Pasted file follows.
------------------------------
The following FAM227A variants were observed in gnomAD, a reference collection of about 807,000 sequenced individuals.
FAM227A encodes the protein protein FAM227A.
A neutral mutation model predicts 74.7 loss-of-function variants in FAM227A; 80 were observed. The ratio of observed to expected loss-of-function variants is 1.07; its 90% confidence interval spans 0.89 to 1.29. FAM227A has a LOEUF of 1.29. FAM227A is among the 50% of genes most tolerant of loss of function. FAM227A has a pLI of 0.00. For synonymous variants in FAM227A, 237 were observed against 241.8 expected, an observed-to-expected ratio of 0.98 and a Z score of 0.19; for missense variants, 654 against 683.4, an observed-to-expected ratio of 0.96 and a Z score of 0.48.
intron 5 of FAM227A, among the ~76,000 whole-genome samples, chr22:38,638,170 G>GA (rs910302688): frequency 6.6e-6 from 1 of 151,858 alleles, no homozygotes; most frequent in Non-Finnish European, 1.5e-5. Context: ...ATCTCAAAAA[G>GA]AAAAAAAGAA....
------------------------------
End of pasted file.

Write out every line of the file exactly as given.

The following FAM227A variants were observed in gnomAD, a reference collection of about 807,000 sequenced individuals.
FAM227A encodes the protein protein FAM227A.
A neutral mutation model predicts 74.7 loss-of-function variants in FAM227A; 80 were observed. The ratio of observed to expected loss-of-function variants is 1.07; its 90% confidence interval spans 0.89 to 1.29. FAM227A has a LOEUF of 1.29. FAM227A is among the 50% of genes most tolerant of loss of function. FAM227A has a pLI of 0.00. For synonymous variants in FAM227A, 237 were observed against 241.8 expected, an observed-to-expected ratio of 0.98 and a Z score of 0.19; for missense variants, 654 against 683.4, an observed-to-expected ratio of 0.96 and a Z score of 0.48.
intron 5 of FAM227A, among the ~76,000 whole-genome samples, chr22:38,638,170 G>GA (rs910302688): frequency 6.6e-6 from 1 of 151,858 alleles, no homozygotes; most frequent in Non-Finnish European, 1.5e-5. Context: ...ATCTCAAAAA[G>GA]AAAAAAAGAA....